wed 21/02/2024

Best of 2018: Classical CDs | reviews, news & interviews

Best of 2018: Classical CDs

Best of 2018: Classical CDs

From the year's favourites: a Kazan Shostakovich, Messiaen's birds, Bernstein the pianist

Bernstein: self-effacing as an accompanist

Record shops may be thin on the ground, but CDs are still very much with us. No sensible soul would ever rate listening to a recording over experiencing music live. But if, like me, time, money and geography limit one’s opportunities to nip out to concerts, a well-produced CD can plug the gap very nicely.

I’m still a fan of the physical product over the download: removing shrink wrap and flicking through sleeve notes are one of life's minor pleasures, and several releases in this list score highly in terms of aesthetics as well as music making. Here are my 10 favourite recordings from the last 12 months…

Sladkovsky ShostakovichAlexander Sladkovsky’s Melodiya set of Shostakovich symphonies, recorded with his Tatarstan National Symphony Orchestra, is pricey but worth the outlay. Phenomenal playing and classy sound make this a cycle to live with, and these performances are emotionally and musically convincing. Not even Sladkovsky can redeem Shostakovich’s woeful 12th symphony, but his readings of Nos. 4-11 are up there with the best. Beethoven was well served by Peter Stange and his pint-sized Taschenphilharmonie on Sony, in readings which packed a bigger punch than many a starrier set.

Kenneth Woods’s idiomatic orchestration of Brahms’s Piano Quartet No. 2 (Nimbus) proved a must-hear, a useful corrective to Schoenberg’s OTT transcription of the G minor quartet. I was dazzled by a sonically spectacular anthology on Delphian of Scottish composer John McLeod’s orchestral music, McLeod conducting the Royal Scottish National Orchestra in incandescent form.

Everyone should also investigate Marek Janowski’s sumptuous Hindemith collection (Pentatone), if only to wallow in the glorious tune which ends the first section of the Concert Music for Strings and Brass. Leonard Bernstein thought it one of the 20th century’s greatest melodies. But my favourite orchestral disc was a budget-priced Poulenc compilation from Jean-Luc Tingaud and Dublin’s RTÉ Symphony Orchestra on Naxos. Utterly delicious: no single release cheered me up more than this one.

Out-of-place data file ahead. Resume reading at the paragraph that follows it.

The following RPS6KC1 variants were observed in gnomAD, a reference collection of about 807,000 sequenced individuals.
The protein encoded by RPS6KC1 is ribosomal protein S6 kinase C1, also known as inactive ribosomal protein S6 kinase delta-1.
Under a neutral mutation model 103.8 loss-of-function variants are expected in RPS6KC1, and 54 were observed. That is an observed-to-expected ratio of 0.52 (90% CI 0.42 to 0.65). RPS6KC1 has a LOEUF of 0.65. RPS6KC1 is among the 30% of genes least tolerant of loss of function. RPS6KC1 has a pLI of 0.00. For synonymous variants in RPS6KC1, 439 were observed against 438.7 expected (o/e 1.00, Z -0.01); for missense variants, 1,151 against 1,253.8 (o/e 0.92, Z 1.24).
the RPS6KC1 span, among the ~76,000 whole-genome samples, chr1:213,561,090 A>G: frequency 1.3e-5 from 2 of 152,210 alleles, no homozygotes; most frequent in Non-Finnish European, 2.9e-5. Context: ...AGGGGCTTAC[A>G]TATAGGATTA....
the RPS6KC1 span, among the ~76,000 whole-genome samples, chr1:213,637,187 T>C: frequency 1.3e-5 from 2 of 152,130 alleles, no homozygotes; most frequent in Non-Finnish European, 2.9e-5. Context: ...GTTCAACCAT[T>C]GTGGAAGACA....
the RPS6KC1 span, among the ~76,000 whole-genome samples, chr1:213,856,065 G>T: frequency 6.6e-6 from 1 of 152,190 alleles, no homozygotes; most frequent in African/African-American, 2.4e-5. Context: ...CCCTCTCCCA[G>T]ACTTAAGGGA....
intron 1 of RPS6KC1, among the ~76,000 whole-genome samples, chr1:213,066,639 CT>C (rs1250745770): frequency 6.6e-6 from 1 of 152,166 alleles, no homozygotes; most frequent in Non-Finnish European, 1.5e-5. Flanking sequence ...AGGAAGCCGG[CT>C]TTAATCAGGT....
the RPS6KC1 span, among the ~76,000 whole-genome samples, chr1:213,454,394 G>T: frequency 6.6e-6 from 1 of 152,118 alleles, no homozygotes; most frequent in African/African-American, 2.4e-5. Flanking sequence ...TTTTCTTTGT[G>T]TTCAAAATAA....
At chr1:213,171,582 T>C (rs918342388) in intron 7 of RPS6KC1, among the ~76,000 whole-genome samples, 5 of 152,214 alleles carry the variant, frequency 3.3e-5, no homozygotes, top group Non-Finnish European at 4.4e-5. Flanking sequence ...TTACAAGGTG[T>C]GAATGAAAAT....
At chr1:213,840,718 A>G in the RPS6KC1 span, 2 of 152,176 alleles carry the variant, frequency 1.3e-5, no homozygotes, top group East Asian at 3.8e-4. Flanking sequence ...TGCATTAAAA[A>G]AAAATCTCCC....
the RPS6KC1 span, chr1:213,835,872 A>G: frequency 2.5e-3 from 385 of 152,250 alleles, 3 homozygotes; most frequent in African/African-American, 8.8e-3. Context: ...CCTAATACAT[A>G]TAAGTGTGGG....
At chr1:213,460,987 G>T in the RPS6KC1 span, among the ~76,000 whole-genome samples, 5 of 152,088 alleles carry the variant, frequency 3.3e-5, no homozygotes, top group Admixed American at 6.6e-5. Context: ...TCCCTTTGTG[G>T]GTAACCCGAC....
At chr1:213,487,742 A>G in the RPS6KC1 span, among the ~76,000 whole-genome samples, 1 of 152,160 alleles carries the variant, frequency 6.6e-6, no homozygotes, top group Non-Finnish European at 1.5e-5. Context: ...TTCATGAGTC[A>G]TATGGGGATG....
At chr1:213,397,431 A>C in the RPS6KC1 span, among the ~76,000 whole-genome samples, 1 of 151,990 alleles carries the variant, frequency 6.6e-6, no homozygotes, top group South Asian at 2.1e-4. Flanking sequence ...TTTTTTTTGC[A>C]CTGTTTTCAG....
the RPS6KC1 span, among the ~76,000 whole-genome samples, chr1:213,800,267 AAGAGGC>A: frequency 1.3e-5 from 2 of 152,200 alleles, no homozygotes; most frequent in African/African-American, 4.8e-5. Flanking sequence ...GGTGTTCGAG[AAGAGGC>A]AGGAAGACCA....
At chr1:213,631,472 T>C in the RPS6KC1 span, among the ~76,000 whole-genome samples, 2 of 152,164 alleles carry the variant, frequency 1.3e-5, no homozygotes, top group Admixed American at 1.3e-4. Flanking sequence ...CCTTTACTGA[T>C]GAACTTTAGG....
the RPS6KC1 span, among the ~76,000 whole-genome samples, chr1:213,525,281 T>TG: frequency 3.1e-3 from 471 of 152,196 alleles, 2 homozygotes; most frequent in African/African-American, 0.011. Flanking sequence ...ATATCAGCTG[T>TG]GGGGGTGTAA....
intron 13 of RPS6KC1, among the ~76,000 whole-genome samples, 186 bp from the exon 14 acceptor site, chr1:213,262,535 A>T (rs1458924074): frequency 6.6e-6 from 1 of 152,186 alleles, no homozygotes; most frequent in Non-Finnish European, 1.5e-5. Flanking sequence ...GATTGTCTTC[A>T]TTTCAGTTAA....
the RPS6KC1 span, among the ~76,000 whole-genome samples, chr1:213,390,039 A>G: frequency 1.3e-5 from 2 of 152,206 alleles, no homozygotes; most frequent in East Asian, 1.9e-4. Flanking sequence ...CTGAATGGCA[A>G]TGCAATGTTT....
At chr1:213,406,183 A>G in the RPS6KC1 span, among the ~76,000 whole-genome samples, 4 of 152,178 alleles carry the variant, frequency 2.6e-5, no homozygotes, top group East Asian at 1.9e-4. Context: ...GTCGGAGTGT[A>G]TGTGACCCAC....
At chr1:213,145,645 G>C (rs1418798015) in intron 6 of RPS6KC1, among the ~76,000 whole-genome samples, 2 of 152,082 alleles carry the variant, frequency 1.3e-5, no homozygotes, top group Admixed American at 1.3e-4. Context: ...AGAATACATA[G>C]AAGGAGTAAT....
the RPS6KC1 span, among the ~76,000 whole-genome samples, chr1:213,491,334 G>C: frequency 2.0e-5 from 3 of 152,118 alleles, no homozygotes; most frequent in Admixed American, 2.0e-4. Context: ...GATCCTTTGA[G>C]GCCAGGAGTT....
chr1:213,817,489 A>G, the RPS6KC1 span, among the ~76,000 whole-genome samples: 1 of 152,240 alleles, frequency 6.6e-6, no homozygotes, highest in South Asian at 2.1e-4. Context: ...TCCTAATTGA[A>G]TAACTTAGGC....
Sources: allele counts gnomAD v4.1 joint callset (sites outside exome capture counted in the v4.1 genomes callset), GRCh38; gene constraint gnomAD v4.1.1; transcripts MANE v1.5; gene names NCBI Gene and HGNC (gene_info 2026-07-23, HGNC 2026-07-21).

Catalogue d'oiseauxPierre-Laurent Aimard’s Pentatone recording of Messiaen’s Catalogue d’Oiseaux is a treat, Aimard gleefully transforming fistfuls of notes into recognisable birdsong. Both spectacular and deeply moving: Aimard’s bonus DVD is great, and the physical release even contains a handful of feathers. Third Coast Percussion’s collectively composed Paddle to the Sea (Cedille), based on an iconic Canadian children’s book tracing a toy canoe’s journey downstream, is a mesmerising collage of bewitching sounds.

Leonard Bernstein’s centenary prompted an avalanche of new recordings and reissues, my favourite among them Sony’s anthology of the great man’s recordings as a pianist. The concerto recordings (including Beethoven, Mozart and Ravel) are great, coupled with some superb examples of Bernstein’s self-effacing work as an accompanist. Finally, Six Degrees Records’ Yiddish Glory, subtitled “The Lost Songs of World War II”, gave new life to a set of Soviet-era Yiddish songs. Witty, poignant and harrowing by turns, and wonderfully performed.

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